Drug Utilization Trends in Patients With Posttraumatic Stress Disorder in a Postconflict Setting: Consistency With Clinical Practice Guidelines

Article Abstract

Objective: The objective of this study was to compare observed patterns of drug utilization among patients with posttraumatic stress disorder (PTSD) in a postconflict setting with current guidelines and to present baseline period prevalence and change in period prevalence from 2 time periods, 2002 and 2012.

Method: The study provides details of the annual number of patients with PTSD with at least 1 redeemed prescription containing the diagnostic code F43.1 according to International Classification of Diseases (ICD-10) for fiscal years 2002 through 2012 in Croatia. Using longitudinal data analysis, overall change in medication use frequency was calculated for each medication and therapeutic subgroup classified by the Anatomic Therapeutic Chemical classification system according to absolute frequency.

Results: Over the 11-year study period, the number of patients receiving pharmacotherapy associated with PTSD increased 7-fold. The annual frequency of drug use was highest for anxiolytics, with use of anxiolytics increasing from 73.32% in 2002 to 75.83% in 2012; antidepressants, from 44.56% to 61.36%; hypnotics, from 18.67% to 35.68%; and antipsychotics, from 21.81% to 30.21%. Overall change in drug utilization frequency was most prominent for hypnotics (17.01%), antidepressants (16.80%), and antipsychotics (8.40%) during the period 2002-2012.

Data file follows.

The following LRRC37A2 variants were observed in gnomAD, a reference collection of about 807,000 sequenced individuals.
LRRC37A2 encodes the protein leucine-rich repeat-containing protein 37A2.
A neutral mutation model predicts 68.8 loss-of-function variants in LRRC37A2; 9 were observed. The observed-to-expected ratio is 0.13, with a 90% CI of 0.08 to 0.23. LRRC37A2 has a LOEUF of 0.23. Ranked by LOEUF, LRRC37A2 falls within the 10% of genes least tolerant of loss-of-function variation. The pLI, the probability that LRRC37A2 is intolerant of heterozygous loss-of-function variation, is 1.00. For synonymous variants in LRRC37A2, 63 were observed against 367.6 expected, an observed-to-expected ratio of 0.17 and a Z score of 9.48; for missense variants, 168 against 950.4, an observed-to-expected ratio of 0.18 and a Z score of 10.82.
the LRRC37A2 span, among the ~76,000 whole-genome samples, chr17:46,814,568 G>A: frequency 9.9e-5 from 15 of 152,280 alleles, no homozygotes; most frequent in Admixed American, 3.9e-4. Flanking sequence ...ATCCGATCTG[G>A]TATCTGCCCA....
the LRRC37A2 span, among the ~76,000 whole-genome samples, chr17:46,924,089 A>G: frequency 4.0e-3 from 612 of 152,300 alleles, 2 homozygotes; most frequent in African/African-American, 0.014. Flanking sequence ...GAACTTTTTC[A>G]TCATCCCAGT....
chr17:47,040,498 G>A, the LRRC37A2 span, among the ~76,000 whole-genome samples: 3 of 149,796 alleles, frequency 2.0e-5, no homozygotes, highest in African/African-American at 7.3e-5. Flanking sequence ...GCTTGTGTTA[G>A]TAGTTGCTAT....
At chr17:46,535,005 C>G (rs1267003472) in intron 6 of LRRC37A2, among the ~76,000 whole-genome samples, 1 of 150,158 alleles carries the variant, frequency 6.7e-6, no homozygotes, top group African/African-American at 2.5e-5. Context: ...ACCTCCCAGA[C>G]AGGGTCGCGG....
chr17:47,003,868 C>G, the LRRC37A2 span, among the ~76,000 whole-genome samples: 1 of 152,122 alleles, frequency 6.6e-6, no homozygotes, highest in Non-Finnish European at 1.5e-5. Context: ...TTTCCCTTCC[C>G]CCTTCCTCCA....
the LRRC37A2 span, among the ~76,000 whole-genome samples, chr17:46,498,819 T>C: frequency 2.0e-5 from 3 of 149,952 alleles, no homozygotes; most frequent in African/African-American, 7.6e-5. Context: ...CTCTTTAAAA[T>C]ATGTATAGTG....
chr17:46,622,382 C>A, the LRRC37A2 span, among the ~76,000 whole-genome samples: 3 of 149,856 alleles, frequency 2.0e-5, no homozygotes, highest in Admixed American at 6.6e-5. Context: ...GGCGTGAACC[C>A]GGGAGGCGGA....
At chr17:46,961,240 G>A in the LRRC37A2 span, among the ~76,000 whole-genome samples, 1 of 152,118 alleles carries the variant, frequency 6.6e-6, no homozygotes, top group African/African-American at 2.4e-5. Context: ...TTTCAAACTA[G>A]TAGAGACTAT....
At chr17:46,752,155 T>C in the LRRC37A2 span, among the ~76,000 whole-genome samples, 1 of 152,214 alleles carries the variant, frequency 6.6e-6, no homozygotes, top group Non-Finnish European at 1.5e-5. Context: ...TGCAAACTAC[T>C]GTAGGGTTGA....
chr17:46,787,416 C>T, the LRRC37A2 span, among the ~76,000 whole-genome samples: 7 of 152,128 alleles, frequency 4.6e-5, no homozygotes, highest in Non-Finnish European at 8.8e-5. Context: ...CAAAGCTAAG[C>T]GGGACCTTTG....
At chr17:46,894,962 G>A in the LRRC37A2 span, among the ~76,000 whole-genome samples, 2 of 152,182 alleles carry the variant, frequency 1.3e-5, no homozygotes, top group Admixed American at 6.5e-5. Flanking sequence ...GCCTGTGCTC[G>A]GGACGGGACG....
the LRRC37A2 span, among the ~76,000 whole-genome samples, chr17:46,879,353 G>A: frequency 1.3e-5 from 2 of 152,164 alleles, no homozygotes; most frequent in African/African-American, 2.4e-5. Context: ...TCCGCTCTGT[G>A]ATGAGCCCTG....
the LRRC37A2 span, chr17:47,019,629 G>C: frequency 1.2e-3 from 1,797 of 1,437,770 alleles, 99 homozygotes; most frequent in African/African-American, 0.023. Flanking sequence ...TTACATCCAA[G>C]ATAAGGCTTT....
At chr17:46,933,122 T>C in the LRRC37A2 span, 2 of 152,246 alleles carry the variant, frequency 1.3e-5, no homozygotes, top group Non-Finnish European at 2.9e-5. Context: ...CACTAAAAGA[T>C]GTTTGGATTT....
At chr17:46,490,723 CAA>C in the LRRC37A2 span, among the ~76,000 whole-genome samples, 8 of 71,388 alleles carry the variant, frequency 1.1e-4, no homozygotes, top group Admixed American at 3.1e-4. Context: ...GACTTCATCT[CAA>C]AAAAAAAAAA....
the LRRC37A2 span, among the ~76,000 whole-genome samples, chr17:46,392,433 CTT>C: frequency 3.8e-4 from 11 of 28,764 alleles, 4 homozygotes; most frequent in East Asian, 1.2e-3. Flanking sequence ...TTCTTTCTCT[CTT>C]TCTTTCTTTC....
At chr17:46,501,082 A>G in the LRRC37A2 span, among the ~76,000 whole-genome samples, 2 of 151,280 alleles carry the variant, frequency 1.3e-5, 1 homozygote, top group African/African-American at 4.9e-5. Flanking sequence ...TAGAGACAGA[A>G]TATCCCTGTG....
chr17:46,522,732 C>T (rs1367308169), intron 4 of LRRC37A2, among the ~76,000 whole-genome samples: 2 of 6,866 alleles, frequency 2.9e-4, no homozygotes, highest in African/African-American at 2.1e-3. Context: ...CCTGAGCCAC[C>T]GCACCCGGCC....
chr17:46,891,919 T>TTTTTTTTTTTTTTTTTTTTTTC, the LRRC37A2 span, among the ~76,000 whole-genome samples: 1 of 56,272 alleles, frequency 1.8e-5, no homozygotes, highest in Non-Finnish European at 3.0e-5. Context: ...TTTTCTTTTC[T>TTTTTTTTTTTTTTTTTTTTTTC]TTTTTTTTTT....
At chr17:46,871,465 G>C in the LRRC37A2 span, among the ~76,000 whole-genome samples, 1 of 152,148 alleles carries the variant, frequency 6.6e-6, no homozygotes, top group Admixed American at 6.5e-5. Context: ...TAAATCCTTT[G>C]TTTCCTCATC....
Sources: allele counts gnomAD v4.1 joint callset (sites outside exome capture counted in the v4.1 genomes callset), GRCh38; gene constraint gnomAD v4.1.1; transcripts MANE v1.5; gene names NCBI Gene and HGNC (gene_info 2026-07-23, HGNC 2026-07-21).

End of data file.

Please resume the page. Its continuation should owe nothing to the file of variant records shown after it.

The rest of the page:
Conclusions: Drug utilization trends in our postconflict setting were predominantly inconsistent with current guidelines for treatment of PTSD due to excessive anxiolytic use, implying that psychopharmacotherapy was used mainly for tranquilizing properties to address non-diagnosis-specific symptoms. Promising rising trends in utilization of antidepressants were not followed with compensatory reductions in anxiolytic use. These data revealed areas of inconsistent use of drugs, generating suggestions for interventions to improve drug use and also hypotheses for additional research.

Volume: 76

Quick Links: PTSD , Trauma

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